There is nothing ethical in trading in products made with stolen natural resources on stolen land. There can be no meaningful peace process that normalizes war crimes and violations of international law.
November 15 marks 31 years since the Palestinian Declaration of Independence. A courageous document of national sentiments mixed with pragmatism, in which the Palestine National Council, the PLO’s legislative body, declared the State of Palestine’s independence on the 1967 borders, and its commitment to international law and all United Nations resolutions.
So far, this has been the only real concession, a historic compromise, made by either side towards achieving peace in the Middle East.
Now is a time when many question the viability of the two-state solution – and others try to redefine its elements. It’s more important than ever to remember the basic requirements of any political solution ensuring a just and lasting peace in our region.
The main reason why many believe that the two-state solution is no longer possible is because of Israel’s colonial settlements, a systematic Israeli policy since 1967.
This policy is founded on the constant creation of facts on the ground, aimed at its irreversibility. It is designed to make it impossible for the people of Palestine to exercise their inalienable rights, notably our right to self-determination.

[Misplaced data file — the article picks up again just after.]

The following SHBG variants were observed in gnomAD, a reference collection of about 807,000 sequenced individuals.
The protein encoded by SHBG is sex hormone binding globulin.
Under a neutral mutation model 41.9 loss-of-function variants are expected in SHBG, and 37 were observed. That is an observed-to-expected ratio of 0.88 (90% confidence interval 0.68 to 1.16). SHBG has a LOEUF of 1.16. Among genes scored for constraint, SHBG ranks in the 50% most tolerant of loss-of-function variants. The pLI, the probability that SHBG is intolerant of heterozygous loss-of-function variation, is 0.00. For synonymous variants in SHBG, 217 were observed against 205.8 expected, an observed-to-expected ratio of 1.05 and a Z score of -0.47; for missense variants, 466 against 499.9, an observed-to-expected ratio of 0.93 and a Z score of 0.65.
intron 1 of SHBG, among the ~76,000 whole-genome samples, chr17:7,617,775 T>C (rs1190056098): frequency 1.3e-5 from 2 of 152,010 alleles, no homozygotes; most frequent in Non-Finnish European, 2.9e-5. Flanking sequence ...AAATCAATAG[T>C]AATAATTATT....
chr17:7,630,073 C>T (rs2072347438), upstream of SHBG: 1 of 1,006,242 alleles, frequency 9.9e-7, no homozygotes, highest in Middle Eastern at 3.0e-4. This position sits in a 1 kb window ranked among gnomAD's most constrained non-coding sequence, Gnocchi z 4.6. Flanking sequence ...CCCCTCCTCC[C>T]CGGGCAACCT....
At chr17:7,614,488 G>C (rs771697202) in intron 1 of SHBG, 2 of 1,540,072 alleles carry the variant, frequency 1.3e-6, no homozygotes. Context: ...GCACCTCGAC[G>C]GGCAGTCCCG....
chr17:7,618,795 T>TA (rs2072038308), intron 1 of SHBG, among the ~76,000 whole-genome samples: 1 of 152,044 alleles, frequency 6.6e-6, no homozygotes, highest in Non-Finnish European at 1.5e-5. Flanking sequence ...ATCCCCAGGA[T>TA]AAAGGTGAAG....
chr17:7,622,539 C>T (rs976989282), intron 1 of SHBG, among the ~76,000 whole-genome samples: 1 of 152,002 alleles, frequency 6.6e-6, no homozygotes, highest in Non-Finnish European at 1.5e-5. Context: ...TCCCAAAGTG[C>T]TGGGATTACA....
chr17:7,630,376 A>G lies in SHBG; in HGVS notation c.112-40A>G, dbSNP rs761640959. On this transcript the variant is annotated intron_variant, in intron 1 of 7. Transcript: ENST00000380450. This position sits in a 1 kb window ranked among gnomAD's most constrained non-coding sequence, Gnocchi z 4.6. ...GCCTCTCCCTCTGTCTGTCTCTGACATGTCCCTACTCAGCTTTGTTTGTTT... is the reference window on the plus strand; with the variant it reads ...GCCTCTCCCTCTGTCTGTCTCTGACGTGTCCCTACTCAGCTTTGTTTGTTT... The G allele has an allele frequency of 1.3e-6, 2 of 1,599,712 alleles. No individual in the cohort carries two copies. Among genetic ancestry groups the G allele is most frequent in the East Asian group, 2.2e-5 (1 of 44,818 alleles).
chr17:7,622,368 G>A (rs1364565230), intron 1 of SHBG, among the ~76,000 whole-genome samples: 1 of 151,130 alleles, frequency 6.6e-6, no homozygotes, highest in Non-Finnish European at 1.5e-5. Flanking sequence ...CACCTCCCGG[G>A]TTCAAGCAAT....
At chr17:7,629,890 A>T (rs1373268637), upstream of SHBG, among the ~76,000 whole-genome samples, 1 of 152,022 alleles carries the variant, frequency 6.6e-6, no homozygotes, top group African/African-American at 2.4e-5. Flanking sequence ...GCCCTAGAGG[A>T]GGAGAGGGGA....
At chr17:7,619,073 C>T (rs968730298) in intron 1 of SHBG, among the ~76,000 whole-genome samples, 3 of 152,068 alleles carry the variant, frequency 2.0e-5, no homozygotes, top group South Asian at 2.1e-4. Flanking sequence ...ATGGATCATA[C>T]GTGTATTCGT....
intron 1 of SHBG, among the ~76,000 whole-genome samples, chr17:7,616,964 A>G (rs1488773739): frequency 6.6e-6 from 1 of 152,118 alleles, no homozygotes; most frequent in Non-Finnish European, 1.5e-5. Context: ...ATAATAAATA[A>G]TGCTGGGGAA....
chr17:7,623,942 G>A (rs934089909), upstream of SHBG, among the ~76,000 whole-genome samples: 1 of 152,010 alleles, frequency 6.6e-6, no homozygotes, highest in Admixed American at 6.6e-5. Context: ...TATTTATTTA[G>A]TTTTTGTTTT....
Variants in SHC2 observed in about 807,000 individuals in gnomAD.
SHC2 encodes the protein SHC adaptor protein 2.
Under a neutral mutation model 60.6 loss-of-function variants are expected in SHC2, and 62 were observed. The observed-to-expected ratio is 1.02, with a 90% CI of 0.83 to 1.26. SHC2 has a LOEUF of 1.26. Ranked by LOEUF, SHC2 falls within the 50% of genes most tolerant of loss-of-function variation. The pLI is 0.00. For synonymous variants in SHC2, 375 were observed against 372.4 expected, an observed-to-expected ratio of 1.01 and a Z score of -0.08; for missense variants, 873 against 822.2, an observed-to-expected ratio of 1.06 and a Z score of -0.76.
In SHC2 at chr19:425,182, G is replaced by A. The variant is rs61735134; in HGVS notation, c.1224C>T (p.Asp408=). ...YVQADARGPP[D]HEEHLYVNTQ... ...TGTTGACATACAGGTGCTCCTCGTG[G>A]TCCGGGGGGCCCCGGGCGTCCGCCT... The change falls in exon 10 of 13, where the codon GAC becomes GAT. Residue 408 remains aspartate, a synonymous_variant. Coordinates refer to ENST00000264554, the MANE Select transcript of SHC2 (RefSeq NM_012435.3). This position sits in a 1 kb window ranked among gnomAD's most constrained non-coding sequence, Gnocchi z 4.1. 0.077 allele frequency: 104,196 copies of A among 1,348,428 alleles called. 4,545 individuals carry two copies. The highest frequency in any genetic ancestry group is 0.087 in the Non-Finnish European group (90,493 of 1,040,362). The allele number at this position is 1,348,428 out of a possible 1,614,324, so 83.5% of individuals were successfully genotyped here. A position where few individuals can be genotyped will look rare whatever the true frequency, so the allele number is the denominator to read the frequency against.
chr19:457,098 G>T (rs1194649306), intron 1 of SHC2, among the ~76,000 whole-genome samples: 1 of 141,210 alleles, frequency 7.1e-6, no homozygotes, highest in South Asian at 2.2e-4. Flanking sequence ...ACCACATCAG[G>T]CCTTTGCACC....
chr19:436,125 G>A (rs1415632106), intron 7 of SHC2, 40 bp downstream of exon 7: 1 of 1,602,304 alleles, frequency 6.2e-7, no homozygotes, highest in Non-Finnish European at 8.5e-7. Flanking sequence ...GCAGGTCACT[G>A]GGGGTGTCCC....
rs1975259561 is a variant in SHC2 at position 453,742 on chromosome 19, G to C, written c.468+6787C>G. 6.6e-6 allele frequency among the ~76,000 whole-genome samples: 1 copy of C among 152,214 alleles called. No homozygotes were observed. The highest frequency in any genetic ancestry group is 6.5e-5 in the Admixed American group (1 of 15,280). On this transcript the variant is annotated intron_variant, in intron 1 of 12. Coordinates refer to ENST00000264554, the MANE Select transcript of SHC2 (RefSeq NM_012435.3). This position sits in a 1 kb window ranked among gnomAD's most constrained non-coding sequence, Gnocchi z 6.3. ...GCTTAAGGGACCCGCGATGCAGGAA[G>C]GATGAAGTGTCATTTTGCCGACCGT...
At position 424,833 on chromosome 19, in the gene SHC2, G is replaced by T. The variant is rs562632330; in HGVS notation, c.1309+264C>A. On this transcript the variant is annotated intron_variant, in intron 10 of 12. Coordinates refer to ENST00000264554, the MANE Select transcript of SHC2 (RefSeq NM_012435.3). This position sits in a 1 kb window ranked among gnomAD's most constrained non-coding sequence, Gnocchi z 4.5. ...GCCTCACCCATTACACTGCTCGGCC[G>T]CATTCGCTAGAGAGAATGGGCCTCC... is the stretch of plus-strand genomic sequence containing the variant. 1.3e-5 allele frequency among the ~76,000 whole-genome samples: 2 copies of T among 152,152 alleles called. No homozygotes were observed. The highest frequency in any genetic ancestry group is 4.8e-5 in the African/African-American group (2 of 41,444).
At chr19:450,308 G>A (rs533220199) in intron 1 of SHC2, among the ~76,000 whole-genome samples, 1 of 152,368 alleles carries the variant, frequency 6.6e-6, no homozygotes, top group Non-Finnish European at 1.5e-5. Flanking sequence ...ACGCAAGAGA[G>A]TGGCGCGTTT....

That aim has been understood by most international bodies, including the conclusion of the International Court of Justice’s Advisory Opinion on the Wall in 2004. Under international law, the policy of colonial-settlements is tantamount to a war crime.
But the question remains: What happens after such solid legal arguments against Israeli settlements? What did the international community do? Very little.
Few policies aimed at the settlements have been implemented, despite clear and firm international resolutions. International markets continue to trade with Israeli settlements, and global companies continue to be involved with the Israeli occupation. Their actions have facilitated the growth of the settlement project. There is a clear correlation between the absence of accountability and the expansion of Israeli settlements.
To avoid international condemnations, Israel has cynically used its involvement in the peace process to prevent United Nations resolutions. In 1997, the Clinton administration vetoed a Security Council resolution condemning Israel’s construction of the illegal settlement of Har Homa, on the land of Jabal Abu Ghneim in Beit Sahour. The U.S. argued that, while condemning settlements, the resolutuion would negatively affect the peace process.
Israel got the message, and today, the number of settlers has almost tripled compared to the beginning of the peace process.
Does that mean that the two-state solution is impossible? No. It means that it is more difficult to achieve.
Working for the two-state solution involves acting against its main obstacle – the Israeli occupation – to prevent any attempt at normalizing the presence of settlements. It means, furthermore, that settlements must be turned into a burden for Israel and its supporters.